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United States. Office of Indian Affairs / Annual report of the commissioner of Indian affairs, for the year 1863

Report of the commissioner of Indian affairs,   pp. [5]-40 PDF (14.2 MB)

Page 13

COMMISSIONER OF INDIAN AFFAIRS.                     13 
and begins to despoil them of their homes, the graves of their ancestors,
the means of supplying their rude and simple wants. Surely, it could not
supposed that all this could be accomplished without any manifestations of
position and hostility on the part of the Indians; and it cannot be doubted
aside from the humanitarian and moral aspects of the subject, it would have
been far more economical had we treated with these Indians; obtained from
them by fair purchase such portions of their country as are desirable for
people; secured to the Indians a location where they could live in peace,
where we could gradually subject them to those influences which would, in
end, reclaim them from their wild and barbarous modes of life. All this,
I fully 
believe, might have been done if we had been prompt to recognize the rights
the Indians, and to prepare them for the occupation of their country. The
portunity has now passed, and it is probably not an overestimate to say that,
besides the valuable lives of our own citizens as well as the lives of the
that have already been sacrificed, we have already expended and incurred
bilities in our military operations against these Indians more than double
amount that would have been required to establish relations with them upon
basis of a firm and lasting friendship. 
I have no doubt that hostilities may yet be terminated in this region much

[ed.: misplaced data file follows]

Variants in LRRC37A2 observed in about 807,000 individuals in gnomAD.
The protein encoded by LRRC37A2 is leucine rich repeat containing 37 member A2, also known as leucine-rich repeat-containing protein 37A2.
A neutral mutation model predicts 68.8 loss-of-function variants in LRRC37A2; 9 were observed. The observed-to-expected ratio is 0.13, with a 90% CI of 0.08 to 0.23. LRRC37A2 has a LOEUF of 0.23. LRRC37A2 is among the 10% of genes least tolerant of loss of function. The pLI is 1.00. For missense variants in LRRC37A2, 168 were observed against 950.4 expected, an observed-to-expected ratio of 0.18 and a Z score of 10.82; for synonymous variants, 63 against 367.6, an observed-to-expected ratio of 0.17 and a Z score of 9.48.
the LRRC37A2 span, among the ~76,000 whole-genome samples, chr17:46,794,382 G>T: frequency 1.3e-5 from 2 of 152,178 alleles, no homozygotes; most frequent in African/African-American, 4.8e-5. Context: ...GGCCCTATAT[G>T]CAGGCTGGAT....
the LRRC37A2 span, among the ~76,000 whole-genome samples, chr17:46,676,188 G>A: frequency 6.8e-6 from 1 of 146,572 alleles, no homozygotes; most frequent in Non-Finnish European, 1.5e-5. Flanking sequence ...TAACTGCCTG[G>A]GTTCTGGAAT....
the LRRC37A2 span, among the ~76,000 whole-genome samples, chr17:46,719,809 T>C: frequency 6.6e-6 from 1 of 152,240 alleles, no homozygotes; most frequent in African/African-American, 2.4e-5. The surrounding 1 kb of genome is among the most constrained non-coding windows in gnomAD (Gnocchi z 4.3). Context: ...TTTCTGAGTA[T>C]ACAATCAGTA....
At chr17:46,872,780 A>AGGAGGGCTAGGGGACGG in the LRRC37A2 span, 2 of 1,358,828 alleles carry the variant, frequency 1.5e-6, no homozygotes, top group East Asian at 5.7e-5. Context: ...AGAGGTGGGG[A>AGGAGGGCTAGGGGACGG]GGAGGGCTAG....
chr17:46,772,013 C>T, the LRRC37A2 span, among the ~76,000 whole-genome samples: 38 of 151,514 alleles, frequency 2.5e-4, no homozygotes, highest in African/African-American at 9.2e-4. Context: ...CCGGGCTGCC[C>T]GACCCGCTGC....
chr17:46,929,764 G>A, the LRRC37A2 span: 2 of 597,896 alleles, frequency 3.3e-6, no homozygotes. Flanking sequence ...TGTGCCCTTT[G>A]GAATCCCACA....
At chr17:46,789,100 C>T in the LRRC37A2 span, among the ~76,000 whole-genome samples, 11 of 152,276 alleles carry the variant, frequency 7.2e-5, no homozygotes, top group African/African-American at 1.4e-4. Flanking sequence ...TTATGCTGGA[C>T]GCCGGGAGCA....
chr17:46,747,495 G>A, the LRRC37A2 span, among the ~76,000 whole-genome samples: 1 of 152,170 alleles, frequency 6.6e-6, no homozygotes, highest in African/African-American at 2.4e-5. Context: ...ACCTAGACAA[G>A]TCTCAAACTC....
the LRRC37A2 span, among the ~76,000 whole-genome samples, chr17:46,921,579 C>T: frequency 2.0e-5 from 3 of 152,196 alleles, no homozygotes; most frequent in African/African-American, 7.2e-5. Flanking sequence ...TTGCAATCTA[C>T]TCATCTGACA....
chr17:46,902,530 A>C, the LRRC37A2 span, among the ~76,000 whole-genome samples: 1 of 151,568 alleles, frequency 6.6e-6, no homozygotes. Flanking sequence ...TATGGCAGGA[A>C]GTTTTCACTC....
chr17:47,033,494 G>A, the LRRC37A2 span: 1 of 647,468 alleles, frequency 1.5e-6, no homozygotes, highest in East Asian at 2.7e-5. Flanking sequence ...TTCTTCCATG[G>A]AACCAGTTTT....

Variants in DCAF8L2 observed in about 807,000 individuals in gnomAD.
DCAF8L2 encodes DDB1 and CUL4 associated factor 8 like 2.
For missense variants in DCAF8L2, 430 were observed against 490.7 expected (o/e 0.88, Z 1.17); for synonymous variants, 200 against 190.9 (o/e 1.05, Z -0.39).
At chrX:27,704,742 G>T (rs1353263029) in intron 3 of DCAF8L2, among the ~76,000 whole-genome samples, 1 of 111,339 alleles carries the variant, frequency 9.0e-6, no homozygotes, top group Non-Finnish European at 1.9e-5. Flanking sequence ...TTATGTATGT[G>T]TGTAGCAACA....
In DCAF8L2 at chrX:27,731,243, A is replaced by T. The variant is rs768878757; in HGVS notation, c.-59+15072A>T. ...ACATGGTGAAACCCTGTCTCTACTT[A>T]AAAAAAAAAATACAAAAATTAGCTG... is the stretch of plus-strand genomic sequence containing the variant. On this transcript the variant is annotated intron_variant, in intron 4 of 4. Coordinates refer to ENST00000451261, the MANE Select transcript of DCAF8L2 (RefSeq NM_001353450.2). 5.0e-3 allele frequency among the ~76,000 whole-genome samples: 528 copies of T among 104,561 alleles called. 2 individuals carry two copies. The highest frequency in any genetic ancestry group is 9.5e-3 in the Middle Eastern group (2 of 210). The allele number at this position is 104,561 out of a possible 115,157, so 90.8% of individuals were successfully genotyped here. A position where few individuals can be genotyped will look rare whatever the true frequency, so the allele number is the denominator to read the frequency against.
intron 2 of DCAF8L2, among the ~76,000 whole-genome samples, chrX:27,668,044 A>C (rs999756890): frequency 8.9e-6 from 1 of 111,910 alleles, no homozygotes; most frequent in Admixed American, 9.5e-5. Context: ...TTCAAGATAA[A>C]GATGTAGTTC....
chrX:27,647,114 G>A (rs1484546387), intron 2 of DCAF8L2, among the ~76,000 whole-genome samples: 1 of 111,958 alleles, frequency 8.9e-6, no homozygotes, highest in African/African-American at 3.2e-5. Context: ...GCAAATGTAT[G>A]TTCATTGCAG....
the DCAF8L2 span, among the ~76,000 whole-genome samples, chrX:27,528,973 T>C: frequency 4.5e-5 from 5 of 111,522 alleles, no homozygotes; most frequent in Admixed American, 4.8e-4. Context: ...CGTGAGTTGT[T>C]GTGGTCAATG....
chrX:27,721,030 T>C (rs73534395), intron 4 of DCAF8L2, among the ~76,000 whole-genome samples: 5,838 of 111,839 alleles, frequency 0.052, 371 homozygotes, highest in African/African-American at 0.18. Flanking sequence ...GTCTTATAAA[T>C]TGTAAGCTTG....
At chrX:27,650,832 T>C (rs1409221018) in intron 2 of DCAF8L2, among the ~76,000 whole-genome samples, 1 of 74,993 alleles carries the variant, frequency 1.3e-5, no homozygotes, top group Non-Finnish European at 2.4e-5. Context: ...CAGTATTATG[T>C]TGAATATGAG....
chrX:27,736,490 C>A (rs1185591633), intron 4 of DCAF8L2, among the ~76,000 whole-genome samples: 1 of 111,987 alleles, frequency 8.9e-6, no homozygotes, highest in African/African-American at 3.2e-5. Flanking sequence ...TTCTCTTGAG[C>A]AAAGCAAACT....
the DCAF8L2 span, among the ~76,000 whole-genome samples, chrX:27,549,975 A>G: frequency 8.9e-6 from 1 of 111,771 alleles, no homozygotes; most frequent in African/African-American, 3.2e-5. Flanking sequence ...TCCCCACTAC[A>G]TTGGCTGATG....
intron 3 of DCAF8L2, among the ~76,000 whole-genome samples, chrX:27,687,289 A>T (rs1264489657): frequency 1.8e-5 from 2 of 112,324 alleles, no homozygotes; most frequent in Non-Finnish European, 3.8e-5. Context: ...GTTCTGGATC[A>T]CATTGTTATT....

more speedily by negotiation than by military power, and that thousands of
treasure and many valuble lives may be saved. I trust that the subject will
receive from Congress the consideration its importance demands, and that
legislation may be had as will not only result in a speedy termination of
troubles, but will also harmonize the conflicting interests of the whites
and In- 
dians throughout the State, and produce in the conduct of our Indian relations
that order and system which is so imperatively demanded. 
The principal tribes of this superintendency are the Navajoes, the Apaches,
and the Utahs. The Navajoes occupy the western portion of the Territory,
are the most powerful and hostile tribe within its limits. But little progress
been made in reducing them to submission to the authority of our government,
and they prove themselves a source of constant vexation and alarm to all
exposed settlements. The nature of the country and the character of their
organization is such that it has hitherto been found impossible, with the
sent against them, to produce any permanent and decisive results. Theh country
abounds in mountain fastnesses, rendering it extremely difficult for any
military force to pursue them to their retreats, or inflict upon them a blow
has anr considerable effect in breaking their power. 
They are represented as an ingenious and skilful people in manufacturing
blankets and other fabrics, in the cultivation of wheat and corn, and as
being in 
all other respects far in advance of all other tribes within the Territory.
The Apaches consist of three bands, viz: Jicarillas, occupying the north-
eastern portion of the Territory; the M:vescaleros, occupying the southeastern
portion, and the Gila Apaches the extreme southwest. With the exception of
some four hundred of thle Mescaleros, who are located at Bosque Rodondo,

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